Thirty Pieces of My Thirty Years #10: Ballet

With Joel, Nate, and my Grandpa and Grandma Martin
after one of my dance recitals.

If, at age eight, you'd asked me what I wanted to be when I grew up, I would have told you that I wanted to be a ballerina. Never mind that I would grow up to be far too tall. Never mind that I would turn out to be the least flexible person in my high school gym class (boys included). Never I mind that I have weak ankles. I loved to dance.
I'm not sure if my parents signed me up for ballet classes before or after I started spinning around the house, but I remember that in those days, I often danced my way across the living room and through the kitchen, loving the fluidity and gracefulness of swirls, bends, and arches.

I looked forward to my weekly ballet classes at McCann School of Dance, found joy in learning and practicing my pirouette and frappe, in watching our choreographed recital piece come together week by week. But even then I was an achiever, aware of how I compared to others, wanting to perform well and to please. In the classroom setting, it was hard for me to let go and simply dance.

Church, however, was different. On Sunday mornings in the fire hall where our congregation met at the time, I usually slipped away from the front row where my family sat and headed to an empty space at the back of the “sanctuary,” behind the rows of folding chairs and near a Coke machine and the doors to the firehouse kitchen. This was my space to be with God, close enough to taste the energy of the crowd, yet out of their sight. Sometimes a few other girls joined me, but when they did, I danced beside them, not with them. It was just me and God, me dancing for God, Him smiling down, delighting in me.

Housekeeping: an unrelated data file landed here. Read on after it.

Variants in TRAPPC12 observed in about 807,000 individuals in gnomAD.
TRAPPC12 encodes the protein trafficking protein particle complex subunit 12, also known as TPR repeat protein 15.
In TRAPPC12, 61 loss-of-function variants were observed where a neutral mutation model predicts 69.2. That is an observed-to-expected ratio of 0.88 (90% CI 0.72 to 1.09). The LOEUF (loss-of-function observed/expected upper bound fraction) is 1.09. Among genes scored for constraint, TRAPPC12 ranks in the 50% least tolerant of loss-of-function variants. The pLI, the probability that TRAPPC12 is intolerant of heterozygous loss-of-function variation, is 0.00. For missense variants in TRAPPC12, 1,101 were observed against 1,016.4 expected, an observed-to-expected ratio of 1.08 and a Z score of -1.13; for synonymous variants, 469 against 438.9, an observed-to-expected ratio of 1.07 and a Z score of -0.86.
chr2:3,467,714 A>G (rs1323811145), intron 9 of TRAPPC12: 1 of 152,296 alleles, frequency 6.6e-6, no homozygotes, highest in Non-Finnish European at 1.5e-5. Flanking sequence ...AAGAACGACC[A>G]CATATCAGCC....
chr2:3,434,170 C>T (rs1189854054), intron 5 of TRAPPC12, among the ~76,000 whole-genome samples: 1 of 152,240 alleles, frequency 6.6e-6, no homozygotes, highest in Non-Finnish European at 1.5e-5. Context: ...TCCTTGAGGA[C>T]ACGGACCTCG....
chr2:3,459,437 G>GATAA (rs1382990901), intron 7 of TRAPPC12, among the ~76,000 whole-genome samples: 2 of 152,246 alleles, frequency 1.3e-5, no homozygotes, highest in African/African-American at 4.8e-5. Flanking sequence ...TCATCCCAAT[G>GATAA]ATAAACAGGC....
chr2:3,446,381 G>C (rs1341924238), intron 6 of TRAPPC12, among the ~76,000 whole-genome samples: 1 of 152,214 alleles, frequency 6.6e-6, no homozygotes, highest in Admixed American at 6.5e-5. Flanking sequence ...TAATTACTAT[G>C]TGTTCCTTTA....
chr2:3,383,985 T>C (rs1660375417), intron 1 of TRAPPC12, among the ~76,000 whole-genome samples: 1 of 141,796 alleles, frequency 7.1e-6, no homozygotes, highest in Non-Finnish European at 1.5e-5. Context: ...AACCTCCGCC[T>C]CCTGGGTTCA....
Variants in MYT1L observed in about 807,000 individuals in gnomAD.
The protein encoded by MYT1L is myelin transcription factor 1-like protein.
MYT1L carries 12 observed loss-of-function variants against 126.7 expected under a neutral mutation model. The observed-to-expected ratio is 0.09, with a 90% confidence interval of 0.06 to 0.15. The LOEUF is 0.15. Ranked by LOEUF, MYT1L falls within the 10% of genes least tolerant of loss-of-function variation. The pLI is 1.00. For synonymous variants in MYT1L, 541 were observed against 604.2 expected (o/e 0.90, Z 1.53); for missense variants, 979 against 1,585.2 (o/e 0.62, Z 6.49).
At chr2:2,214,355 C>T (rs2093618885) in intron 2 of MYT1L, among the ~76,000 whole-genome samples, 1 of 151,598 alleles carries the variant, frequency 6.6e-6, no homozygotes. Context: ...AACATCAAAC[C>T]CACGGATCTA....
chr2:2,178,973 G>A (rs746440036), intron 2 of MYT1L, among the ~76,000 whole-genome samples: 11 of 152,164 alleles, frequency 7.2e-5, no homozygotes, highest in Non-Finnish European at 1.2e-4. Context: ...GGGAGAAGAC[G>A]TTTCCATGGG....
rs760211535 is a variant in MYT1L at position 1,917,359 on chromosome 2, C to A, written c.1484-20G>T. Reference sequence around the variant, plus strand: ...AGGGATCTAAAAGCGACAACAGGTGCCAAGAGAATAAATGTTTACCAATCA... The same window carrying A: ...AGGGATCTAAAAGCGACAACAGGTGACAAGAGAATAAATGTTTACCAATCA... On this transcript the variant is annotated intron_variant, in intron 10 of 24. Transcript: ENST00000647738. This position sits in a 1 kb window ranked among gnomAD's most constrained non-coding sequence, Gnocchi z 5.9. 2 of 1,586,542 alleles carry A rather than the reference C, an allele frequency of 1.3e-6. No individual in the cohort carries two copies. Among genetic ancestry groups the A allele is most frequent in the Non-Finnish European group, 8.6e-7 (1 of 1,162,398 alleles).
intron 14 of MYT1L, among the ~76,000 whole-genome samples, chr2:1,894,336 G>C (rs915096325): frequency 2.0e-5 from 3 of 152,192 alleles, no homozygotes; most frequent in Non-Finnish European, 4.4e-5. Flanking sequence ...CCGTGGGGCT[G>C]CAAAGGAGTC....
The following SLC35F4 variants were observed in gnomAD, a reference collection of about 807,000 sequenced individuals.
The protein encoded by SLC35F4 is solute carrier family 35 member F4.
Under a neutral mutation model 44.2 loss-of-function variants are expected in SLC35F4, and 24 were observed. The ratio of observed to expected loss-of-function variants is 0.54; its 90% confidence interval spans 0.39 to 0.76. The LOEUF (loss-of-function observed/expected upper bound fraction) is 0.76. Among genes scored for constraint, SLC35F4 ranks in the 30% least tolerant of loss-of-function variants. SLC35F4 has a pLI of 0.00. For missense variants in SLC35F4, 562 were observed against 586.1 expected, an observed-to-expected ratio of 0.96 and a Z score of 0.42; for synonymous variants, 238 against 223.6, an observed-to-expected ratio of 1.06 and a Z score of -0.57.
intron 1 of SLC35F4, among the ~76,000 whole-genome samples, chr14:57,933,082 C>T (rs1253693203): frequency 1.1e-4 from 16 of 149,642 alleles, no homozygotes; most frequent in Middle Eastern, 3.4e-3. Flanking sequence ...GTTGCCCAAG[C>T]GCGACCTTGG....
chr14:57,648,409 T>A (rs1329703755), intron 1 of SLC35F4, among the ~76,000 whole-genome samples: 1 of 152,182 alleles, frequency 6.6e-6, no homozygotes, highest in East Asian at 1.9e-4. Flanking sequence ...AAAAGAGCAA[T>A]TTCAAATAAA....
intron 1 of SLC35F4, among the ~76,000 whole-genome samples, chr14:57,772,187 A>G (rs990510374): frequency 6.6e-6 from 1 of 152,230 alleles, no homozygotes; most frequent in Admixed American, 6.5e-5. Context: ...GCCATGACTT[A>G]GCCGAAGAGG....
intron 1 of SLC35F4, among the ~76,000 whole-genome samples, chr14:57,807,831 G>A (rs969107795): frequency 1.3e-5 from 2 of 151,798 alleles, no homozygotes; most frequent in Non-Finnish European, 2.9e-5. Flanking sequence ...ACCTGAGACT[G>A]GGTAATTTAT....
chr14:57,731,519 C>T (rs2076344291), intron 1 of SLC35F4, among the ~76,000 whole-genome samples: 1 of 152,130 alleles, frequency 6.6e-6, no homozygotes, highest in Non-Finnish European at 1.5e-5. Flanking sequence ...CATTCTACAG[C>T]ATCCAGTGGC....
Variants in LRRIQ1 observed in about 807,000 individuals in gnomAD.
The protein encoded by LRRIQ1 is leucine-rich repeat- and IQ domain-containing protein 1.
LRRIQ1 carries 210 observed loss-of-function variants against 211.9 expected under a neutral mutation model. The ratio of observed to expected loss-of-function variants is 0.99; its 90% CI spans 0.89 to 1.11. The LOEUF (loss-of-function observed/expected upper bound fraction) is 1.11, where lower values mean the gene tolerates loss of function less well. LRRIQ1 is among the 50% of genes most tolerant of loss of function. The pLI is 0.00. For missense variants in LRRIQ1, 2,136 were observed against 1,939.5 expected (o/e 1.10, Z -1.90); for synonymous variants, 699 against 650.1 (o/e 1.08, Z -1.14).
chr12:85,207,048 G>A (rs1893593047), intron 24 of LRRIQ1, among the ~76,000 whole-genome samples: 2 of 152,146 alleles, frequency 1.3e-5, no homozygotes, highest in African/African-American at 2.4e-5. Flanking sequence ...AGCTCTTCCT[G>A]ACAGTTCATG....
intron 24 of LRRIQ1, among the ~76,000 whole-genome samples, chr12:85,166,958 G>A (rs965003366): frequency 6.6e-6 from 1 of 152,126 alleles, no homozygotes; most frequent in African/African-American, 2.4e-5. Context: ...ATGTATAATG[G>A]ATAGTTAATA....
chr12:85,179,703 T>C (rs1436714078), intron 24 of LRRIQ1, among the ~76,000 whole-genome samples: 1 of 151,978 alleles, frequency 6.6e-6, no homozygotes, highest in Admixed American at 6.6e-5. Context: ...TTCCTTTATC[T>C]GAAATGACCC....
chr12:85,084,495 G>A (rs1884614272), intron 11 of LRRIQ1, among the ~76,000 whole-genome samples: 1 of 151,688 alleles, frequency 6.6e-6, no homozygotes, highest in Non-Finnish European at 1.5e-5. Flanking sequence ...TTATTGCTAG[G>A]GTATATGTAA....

During the fast songs, I skipped, and I twirled. With outstretched arms, I grand-jetéd across the floor, leaping into a spin that left me both breathless and light-headed at its conclusion. I don’t know if I had seen The Sound of Music at this age, but when I recall the moment now, I see myself as Maria, frolicking through the hills of Austria, tasting freedom in every step and turn of my body.

My favorites though were the slower songs. With the first strummed chords of a song called “Give Me One Pure and Holy Passion,” I felt as though I were a beautiful ballerina, delicate and tender, passionate yet controlled, the steps I had learned in my classes providing language to express the depths of my soul. I bowed before God in plea, moved toward Him through tendu, and then spun into His arms with a pirouette. Always, I reached for Him with my puny arms, grasped for Him with my gently curved fingertips. And while I danced, I sang:

Give me one pure and holy passion
Give me one magnificent obsession
Jesus, give me one glorious ambition for my life
To know and follow hard after You.

In those moments, though my faith was young and untested, I think I grasped something of the delight that can be found in knowing God, of the freedom that comes from His love. When I danced with God, I did not worry about making a mistake or trying to impress Him. I simply knew what it is often so hard for me to grasp now - that God delighted in me just as I was and that in His love, I could dance.

Note: Part of this essay was excerpted from my thesis project.